The Curious Case of Underwater Drones at CES

Maker News
The Curious Case of Underwater Drones at CES

A few years ago CES unofficially hosted “the year of the drone” — everyone suddenly had a flying platform to show at the event, with big booths and demos from DJI, Parrot, and countless other global companies, showing everything from micro-sized flyers to multicopters big enough to carry substantial cargo loads.

Since then, drones have maintained a steady presence at CES, with autonomous electric personal transport being the latest to make noise in the space at last year’s show. This year, running through the drone area in south hall, you’ll still find the broad range of companies, but they now have a new set of neighbors — small underwater rovers. Lots of them. They come in bright nautical colors, oranges and yellows. Some are sleek, some look like small versions of scientific research vessels. A couple are even shaped like sharks, with propulsion generated from an undulating tail fin.

It’s an interesting development, especially from the perspective of the maker community. In 2011, David Lang and Eric Stackpole launched OpenROV with their desktop-sized Kickstarted underwater rover kit, bringing the ability to do underwater exploration to a new demographic, the amateur scientist. People quickly adopted their ROV for research, inspection, and to augment ocean adventures. The founders embody the core “maker” essence — two eternally curious minds that bonded on the promise creating a tool to help find lost treasure, and in doing so, created what quickly became the largest underwater robotics manufacturer, all run out of their Berkeley, Calif. offices. They iterated on the original design, pushing updates for better control and resolution, and in recent years launched a new Kickstarter for a new, refined and sleek underwater exploration platform called Trident. (Stackpole also starred on the cover of Make Vol. 34, and Lang authored the Make: book Zero to Maker.)

The OpenROV Trident launched in 2015.

With their product, OpenROV also built a passionate community, centered on their OpenExplorer website (recently acquired by National Geographic). People gathered there to detail endeavors of all sorts — just just underwater — everything from building listening posts in the rainforest for illegal logging to building R/C sentries that chase hungry ravens away from hatchling desert tortoises.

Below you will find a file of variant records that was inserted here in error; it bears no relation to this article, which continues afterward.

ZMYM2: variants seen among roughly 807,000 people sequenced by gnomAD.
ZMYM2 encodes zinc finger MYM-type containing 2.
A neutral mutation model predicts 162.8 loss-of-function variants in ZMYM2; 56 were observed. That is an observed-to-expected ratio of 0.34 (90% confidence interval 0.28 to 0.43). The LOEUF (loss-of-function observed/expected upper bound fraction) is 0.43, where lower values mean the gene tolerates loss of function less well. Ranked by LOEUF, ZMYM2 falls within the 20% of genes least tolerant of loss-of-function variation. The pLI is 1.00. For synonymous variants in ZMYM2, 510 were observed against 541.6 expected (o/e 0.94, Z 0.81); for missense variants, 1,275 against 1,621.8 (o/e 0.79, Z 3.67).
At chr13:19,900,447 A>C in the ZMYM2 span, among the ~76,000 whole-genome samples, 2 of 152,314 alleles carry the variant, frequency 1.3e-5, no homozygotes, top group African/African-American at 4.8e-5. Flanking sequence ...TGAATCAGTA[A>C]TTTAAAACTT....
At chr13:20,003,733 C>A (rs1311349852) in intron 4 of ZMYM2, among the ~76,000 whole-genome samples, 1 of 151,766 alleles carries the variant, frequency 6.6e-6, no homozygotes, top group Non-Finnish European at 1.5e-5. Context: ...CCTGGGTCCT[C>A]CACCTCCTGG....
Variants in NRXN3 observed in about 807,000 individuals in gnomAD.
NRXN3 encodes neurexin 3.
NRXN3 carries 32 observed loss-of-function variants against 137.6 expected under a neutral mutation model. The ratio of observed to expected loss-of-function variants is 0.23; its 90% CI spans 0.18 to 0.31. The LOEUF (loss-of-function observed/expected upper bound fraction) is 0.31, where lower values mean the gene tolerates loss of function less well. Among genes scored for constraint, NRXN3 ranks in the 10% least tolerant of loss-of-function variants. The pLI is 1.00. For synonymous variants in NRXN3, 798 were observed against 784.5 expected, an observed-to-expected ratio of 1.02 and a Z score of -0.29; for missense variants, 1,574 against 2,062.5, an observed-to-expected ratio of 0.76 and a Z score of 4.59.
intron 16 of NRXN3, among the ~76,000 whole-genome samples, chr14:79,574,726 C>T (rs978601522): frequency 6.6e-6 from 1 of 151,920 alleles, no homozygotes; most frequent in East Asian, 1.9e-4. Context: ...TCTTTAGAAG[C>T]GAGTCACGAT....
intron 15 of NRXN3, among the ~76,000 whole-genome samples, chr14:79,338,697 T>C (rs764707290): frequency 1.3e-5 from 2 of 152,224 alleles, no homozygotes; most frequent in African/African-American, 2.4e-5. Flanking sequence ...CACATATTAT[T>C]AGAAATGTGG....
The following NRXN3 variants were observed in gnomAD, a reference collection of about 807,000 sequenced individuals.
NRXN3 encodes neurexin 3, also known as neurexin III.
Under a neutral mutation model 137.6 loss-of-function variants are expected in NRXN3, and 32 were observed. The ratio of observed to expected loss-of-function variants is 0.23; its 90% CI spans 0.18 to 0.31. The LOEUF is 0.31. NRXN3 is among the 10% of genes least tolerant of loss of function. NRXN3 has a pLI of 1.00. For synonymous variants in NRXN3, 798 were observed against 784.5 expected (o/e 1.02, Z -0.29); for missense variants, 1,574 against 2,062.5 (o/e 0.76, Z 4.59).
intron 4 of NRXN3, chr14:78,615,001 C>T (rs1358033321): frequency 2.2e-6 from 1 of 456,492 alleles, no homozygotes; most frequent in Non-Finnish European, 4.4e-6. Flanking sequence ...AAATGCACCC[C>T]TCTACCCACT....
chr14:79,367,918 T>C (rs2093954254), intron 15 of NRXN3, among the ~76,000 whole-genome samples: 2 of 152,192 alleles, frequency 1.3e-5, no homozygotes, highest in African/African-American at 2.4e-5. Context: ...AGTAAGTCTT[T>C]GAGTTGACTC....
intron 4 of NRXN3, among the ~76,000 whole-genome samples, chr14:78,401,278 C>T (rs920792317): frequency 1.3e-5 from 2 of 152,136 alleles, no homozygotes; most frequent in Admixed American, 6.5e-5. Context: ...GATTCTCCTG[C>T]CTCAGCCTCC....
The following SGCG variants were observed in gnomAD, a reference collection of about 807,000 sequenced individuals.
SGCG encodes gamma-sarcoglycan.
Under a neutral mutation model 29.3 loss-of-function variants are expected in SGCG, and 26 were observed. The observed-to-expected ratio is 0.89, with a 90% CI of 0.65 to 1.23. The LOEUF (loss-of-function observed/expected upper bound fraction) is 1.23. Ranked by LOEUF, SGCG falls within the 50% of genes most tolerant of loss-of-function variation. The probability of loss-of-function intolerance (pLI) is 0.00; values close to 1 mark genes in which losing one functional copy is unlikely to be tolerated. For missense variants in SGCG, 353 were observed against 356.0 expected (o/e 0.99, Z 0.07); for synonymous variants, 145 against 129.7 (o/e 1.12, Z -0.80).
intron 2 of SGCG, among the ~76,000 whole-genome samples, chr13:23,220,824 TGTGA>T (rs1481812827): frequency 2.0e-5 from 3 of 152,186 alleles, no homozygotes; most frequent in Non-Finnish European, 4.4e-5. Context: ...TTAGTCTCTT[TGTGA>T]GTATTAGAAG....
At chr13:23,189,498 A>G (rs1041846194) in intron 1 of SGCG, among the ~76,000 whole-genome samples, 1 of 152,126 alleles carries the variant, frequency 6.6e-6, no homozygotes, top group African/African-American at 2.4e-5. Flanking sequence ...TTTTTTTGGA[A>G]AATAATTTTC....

There’s been a distinction between OpenROV’s products and the aerial drone segment, largely research over recreation. While there’s tremendous community using flying drones for science and commercial purposes, it’s an easy assumption that the bulk of the revenue generated by the various drone makers comes from tech collectors who are enthralled by a gadget that flies effortlessly over the roof of your house and gives you a perspective of the neighborhood you’d normally not see.

ROVs, on the other hand, require something slightly more challenging to come by: a body of water worthy of exploring. You could put one in your swimming pool… but you already know what’s in there. They’re really meant for launching off a dock or the side of a boat to help you find a sunken ship, to inspect underwater structures, or to check out the underwater life in new places. They’re controlled from an above-water control station, connected to the ROV by a physical tether, giving some bulk. If you want to bring one on your next Hawaii trip, you’ll want to plan for the extra baggage incurred. This is quite different than the latest iteration of folding drones that you can stash in the pocket of your hoodie.

With OpenROV’s first mover status in the segment, I’ve, perhaps naively, come to the mindset that there’s no reason for consumers to look for anything else, and perhaps that remains the case. With most of the companies showing new underwater options at CES being international, there’s no certainty that any of these will be widely available in all markets. But the competition has arrived, and in one specific case, they’re copying not just the exact look of the Trident, but even similarly calling theirs the Poseidon (and that company confusingly has named another of their products, an underwater scooter device, Trident as well).

Geneinno Poseidon
The Geneinno booth advertises their “Trident” underwater scooter
Navatics Mito
Gladius Mini
Sublue’s WhiteShark lineup
Robosea Biki
RoboSea’s Robo-Shark
Robolab-ROV by RoboSea
Robo-Fish. (This company is going as straightforward as it gets for its product names)
Robo-ROV in action
Powervision PowerDolphin
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Mike Senese

Mike Senese is a content producer with a focus on technology, science, and engineering. He served as Executive Editor of Make: magazine for nearly a decade, and previously was a senior editor at Wired. Mike has also starred in engineering and science shows for Discovery Channel, including Punkin Chunkin, How Stuff Works, and Catch It Keep It.

An avid maker, Mike spends his spare time tinkering with electronics, fixing cars, and attempting to cook the perfect pizza. You might spot him at his local skatepark in the SF Bay Area.

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